‘Agents of Change’ is an ongoing initiative from MiQ (in partnership with New Digital Age) shining a spotlight on the individuals helping build the new Advanced TV (ATV) industry. As the ATV advertising marketplace continues to grow and expand rapidly, the series will feature profiles of key digital media execs who are helping to break down the traditional media buying silos in their own organisations.
In the second of the series, Emma Moorhead, General Manager within the media team at Wavemaker UK, discusses how agency teams are evolving to reflect the growing client interest in ATV and diversified video strategies…
Are you seeing more investment in ATV advertising?
We’re definitely seeing viewer eyeballs shift from traditional linear TV to other forms of TV, and advertisers want to follow those eyeballs with their budget. The growth in investment, initially at least, is fuelled by advertisers’ desire to maintain the reach that linear TV traditionally delivered for them, which requires them to diversify into other varieties of ‘video’.
There are two major sticking points right now. Firstly, the measurement of different video formats is a challenge because there isn’t a single agreed currency. What counts as an impression on one platform might be different on another. Then there’s an operational challenge for agencies in how they organise to buy across all the different video formats and how they achieve a holistic view of the opportunities in the market and how they compare to each other.
Are historical silos between agency AV and digital teams a problem when planning and buying ATV inventory?
In theory, yes, the silos still exist but the good thing is that they are now talking to each other. There are teams out there that are better at buying traditional linear TV, which requires a certain skill set, and teams that are more focused on digital and how to use the different platforms effectively. Here at Wavemaker, about six years ago, we started to look at how we could measure the value of an impact across different video platforms. At the time, we were seeing a disproportionate amount of investment going into Facebook, often using creative that wasn’t a good fit for the platform, and the teams buying Facebook inventory weren’t talking to the team buying TV inventory. They had limited visibility on how their work overlapped and supported each other, or how the cost of impressions in each environment compared in reality. To help provide a basis for comparison, we did a huge meta analysis of all the video campaigns we were running and wrote a research paper called ‘Open Video,’ which is now in its third iteration.
What can the industry do to reduce the fragmentation of the ATV marketplace?
Better measurement. Some sort of standardised cross-channel measurement would be useful but, at the moment, it’s also practically impossible to achieve. Everyone is now agreed that it’s necessary to have a diverse video portfolio to maximise your reach potential, but we’re not yet able to show what that reach potential actually looks like or show where there’s duplication across platforms. Having better access to the data that sits behind the walled gardens would be a big step forward.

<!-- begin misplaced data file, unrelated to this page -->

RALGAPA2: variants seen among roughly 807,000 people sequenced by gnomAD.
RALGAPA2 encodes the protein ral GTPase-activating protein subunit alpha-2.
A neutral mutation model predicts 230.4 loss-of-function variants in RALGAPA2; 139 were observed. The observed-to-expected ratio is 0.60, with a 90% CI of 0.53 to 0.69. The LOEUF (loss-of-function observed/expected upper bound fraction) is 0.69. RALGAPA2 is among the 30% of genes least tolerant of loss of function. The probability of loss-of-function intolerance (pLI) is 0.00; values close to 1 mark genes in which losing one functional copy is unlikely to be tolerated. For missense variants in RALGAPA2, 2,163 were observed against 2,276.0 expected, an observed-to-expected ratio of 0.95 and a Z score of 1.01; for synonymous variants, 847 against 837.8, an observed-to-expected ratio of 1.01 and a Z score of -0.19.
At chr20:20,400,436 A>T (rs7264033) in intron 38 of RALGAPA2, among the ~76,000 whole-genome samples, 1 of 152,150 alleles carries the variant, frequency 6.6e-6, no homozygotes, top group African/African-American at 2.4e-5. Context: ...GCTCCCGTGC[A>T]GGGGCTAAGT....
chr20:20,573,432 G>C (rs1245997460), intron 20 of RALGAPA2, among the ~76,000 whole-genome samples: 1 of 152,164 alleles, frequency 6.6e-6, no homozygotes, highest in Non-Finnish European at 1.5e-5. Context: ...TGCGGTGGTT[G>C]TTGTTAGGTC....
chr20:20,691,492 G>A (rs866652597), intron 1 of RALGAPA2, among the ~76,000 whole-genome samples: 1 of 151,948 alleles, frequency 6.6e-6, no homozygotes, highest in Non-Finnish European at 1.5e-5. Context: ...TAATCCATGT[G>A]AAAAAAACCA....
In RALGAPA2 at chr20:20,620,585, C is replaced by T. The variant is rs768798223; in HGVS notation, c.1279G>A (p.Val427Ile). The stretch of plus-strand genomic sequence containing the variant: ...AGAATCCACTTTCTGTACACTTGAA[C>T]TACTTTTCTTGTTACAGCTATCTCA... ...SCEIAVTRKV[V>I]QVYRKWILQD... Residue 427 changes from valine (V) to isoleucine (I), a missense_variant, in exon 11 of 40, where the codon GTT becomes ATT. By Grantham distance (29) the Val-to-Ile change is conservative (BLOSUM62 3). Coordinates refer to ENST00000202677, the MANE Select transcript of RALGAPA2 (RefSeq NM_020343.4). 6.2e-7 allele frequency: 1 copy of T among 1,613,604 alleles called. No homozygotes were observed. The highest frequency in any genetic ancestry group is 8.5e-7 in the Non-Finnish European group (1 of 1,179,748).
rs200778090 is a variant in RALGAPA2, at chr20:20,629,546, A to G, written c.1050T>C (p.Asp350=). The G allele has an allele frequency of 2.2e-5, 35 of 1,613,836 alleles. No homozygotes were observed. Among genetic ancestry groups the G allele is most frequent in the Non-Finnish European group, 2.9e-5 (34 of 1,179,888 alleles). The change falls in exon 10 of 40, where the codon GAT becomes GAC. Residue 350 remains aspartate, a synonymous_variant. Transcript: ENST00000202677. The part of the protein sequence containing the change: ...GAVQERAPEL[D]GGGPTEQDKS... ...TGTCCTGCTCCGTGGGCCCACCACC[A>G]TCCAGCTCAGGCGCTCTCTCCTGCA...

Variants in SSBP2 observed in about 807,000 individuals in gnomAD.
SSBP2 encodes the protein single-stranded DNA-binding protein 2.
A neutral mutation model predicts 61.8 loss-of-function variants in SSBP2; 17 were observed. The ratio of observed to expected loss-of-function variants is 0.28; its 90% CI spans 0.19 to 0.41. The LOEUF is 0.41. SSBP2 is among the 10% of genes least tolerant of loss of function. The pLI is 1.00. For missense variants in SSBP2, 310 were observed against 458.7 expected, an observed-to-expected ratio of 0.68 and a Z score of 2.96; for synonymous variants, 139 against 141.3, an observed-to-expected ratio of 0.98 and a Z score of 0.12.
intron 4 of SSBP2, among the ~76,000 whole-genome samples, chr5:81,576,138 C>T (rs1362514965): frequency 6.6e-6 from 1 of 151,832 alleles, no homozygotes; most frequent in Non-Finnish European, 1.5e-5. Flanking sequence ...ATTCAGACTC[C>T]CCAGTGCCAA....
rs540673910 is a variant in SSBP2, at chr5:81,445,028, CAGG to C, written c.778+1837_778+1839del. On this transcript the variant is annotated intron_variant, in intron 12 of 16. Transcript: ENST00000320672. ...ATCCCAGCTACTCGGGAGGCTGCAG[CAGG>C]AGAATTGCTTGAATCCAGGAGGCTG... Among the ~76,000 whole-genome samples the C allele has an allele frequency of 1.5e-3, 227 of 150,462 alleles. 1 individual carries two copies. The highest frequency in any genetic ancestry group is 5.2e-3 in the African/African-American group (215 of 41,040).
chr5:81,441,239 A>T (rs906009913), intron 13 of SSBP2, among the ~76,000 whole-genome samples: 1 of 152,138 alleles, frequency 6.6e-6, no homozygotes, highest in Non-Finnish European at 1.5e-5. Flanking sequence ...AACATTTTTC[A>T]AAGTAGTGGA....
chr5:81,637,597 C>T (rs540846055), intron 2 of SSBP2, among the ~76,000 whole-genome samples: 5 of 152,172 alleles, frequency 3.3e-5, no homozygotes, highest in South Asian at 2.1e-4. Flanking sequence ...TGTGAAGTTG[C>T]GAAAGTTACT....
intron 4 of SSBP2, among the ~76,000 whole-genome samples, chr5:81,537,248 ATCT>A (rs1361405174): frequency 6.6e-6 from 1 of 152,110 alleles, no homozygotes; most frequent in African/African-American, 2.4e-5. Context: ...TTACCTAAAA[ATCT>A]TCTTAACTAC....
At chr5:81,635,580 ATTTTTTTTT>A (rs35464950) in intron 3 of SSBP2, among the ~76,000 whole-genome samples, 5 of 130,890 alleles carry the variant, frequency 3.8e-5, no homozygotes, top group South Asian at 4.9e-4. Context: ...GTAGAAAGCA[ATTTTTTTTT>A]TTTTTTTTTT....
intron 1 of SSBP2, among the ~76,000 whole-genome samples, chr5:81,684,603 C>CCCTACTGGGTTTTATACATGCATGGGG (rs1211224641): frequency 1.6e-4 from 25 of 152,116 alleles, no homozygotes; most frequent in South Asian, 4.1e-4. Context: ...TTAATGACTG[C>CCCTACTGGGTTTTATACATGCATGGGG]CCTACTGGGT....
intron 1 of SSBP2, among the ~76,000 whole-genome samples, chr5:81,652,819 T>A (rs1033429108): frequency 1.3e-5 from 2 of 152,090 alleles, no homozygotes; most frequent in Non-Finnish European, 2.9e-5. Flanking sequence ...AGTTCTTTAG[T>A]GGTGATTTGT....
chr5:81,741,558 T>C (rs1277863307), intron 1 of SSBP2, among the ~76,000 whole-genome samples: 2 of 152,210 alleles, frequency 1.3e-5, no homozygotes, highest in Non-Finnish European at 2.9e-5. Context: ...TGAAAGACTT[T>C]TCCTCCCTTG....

How are you acting as an agent of change within your own organisation?
Mainly by getting the different teams to talk to each other. That sounds really simple, but in a big agency of 400 or 500 people, it’s actually quite difficult at times. It’s about creating a team of people that understand how the different platforms perform. Not everyone needs to be a technical expert, but we need to have enough people in the agency that can confidently understand the potential of each platform, even those that don’t sit within their own specialism. I’ve been trying to do that, in part, through our Open Video research and the framework we’ve developed based on that, which allows us to look at all video holistically and make informed decisions about our investment portfolio based on the single currency we’ve created.
What upcoming market developments are you most excited about?
I’m sure everyone will say the same thing but the fact that Netflix and Disney are going to be taking advertising is really exciting. Being able to reach audiences via new platforms is great but comes with a whole new set of challenges around data and measurement.
We’re also doing lots of work within Wavemaker, alongside our sister Group M agencies, to create an ‘impact score’. This will allow us to better assess the value of an impact across all the different video opportunities by measuring the ability to boost business outcomes. We’re getting closer to truly understanding how different video platforms perform at different stages of the purchase journey which ultimately is the end goal of our investment decisions.
MiQ, in partnership with New Digital Age, recently published a special insight report, Agents of Change: Shaping the future of Advanced TV advertising, featuring further profiles of key digital media executives who are helping to leverage the incredible potential of ATV. You can download the full report for free here.